Preparing for Partial Layoff

I took a new position this year that has a partial summer layoff. This means that for May, June and July I will be bringing home around $700. To put this in perspective, my pay is going to be about the same amount as someone who is currently working for minimum wage in my community.

The last time I worked for minimum wage I was living at home with very limited financial responsibility. My goal at that time was to save as much money as I could while contributing to the household by taking over one bill payment and taking care of the majority of my personal expenses.

This time around, I am responsible for:

  • Insurance for the house and car
  • Internet and cell phone bills
  • Netflix
  • Groceries
  • Pet care
  • Home maintenance
  • My Clothing, personal care items, entertainment and  life insurance policy
  • Savings for gift giving, home renovations, car care, medical costs, vacation fund, rainy day fund

This seems like a lot until you take into account that ML pays:

  • The mortgage
  • Gas for the car
  • Electricity
  • Gas for furnace
  • Water
  • Rental for water heater
  • His life insurance policy, personal care items, clothing and entertainment

The split we use is based on our incomes. Basically ML keeps us housed and I do the rest. It’s worked for our entire marriage and I don’t intend to shift it now.

As you may know I love seeing how our spending stacks up against conventional wisdom so when I got an email from a bank indicating the breakdown of funds to ensure that you were living within your means I plugged in my numbers (ML’s aren’t included).

Annual Budget March Budget
Housing (land tax, house insurance, mortgage top up) 35% 15% 15%
Household (internet, cell phones, Netflix) 5% 10% 13%
Food (groceries, entertaining, eating out) 15% 14% 12%
Transportation (gas, car repair fund) 15% 10% 10%
Personal  (pet, fashion/personal care, misc. fund) 10% 7% 5%
Savings (short-term emergency fund, home reno, vacation, medical, summer layoff savings) 10% 36% 36%
Debt  (As we don’t have debt I moved this to be Long-term savings) 10% 4% 4%

“Pretty good!” I thought before remembering the upcoming layoff. While these numbers work well with my current salary my projected income isn’t going to hold up. The savings will be decreased a bit as 20% of the current amount is actually money I’m putting aside to help with the layoff. The other 16% goes towards vacation, emergency fund, medical savings and gift savings. None are things I feel totally comfortable cutting as they’ll just end up on credit if we don’t have the funds available.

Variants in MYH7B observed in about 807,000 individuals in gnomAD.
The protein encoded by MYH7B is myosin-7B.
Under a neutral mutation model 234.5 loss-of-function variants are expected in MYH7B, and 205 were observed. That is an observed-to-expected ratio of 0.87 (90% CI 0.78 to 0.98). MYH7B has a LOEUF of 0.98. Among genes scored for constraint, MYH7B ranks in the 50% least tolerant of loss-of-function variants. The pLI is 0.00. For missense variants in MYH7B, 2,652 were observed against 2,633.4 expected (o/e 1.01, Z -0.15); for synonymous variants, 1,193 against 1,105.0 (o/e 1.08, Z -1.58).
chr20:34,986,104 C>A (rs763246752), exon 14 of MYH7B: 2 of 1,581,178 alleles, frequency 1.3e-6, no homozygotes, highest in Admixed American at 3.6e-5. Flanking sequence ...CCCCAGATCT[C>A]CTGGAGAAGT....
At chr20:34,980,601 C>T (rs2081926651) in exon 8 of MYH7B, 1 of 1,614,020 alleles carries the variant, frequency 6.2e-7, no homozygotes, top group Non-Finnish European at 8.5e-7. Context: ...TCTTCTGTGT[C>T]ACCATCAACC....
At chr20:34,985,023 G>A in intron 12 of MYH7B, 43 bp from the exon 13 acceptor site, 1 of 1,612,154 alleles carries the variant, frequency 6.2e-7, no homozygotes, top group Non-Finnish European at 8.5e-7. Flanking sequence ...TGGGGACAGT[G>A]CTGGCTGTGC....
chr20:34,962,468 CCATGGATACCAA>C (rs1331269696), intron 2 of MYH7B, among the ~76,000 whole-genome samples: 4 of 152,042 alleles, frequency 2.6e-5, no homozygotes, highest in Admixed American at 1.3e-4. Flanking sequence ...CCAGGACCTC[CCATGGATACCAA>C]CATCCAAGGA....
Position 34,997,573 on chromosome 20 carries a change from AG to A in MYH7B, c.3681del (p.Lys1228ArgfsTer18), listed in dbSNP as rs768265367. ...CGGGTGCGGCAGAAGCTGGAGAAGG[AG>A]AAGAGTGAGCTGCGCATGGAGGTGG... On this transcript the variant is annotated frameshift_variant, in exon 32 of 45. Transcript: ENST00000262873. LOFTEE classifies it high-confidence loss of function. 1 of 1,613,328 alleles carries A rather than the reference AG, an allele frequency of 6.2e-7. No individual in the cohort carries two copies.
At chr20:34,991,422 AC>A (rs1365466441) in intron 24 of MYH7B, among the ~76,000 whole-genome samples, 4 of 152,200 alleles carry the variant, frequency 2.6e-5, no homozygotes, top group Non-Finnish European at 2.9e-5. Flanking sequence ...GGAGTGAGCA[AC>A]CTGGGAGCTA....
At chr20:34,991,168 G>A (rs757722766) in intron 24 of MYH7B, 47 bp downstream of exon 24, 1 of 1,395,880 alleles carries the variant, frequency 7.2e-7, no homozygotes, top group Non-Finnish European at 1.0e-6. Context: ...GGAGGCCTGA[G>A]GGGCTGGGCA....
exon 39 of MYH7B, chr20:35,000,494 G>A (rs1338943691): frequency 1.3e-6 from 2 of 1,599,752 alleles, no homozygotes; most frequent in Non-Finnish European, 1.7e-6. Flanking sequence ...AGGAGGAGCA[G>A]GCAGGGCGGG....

I’ll spend today playing with numbers and realizing how fortunate I am that both ML and I are working at jobs that pay above  minimum wage and are able to enjoy the lifestyle we’ve grown accustomed to.

It’s also a great reminder that I really do need to be careful with my money. My $300 shoe extravaganza yesterday while fun and useful suddenly takes on a different tone in the light of my upcoming change in circumstances. $300 could be the difference between putting an unexpected fee on credit versus using our savings to fix it.

I’ve got 3 more full paycheques to go so I’ll be very conservative from now on.




Monthly Debrief: February 2019


  •  # Buy nothing days :14 (50%)
  • # times ate out/purchased take out: 6
  • # activities with loved ones: 2 really meaningful activities
  • $ saved at Costco: No Costco visit this month
  • % over or under budget:1% under budget (This is the first time in about a year that I can put it into my Fun Fund)


  • Usually February is a bit of a mess as I go to a conference and end up overspending
  • We’ve been eating healthier, going to a local zero-waste store and sticking pretty close to the budget
  • I have been kinder to myself


  • Medical cost – I’m exploring a therapy that isn’t too expensive but isn’t covered by my insurance. It may be a placebo effect but as it’s helping with my mental illness I’m using it.


March is Costco renewal month and I just got a crazy cell phone bill as I haven’t been making frugal phone choices. If I keep my budget and goals at the forefront I can keep the momentum going in March.


This month was pretty good. I’m beginning to feel as though we’re missing out on experiences (dances, movies, theatre) as I’m being pretty strict with myself. It does help to look back at 2018 and realize that we for a $30,000 anniversary gift to ourselves without going into debt. Missing out on a few experiences is totally fine compared to the stress I would feel if I was $30,000 in debt.


SPENDING CATEGORIES (according to my credit card company)

Screenshot_2019-03-03 Transactions

As I mentioned, this feature doesn’t totally align with my own tracking. However, it’s a great way to see where most of my money goes. Household and Services both hold a lot of money for car repairs.

If you change household to Car Repairs and made Services everything else in those 2 categories my list would be:

  1. Car repairs
  2. Groceries
  3. Restaurants
  4. Services – Medical appointments; Netflix
  5. Transportation – gas
  6. Shopping
  7. Other

This does not include all the things I pay from my bank account but it does give a pretty good snapshot of my spending.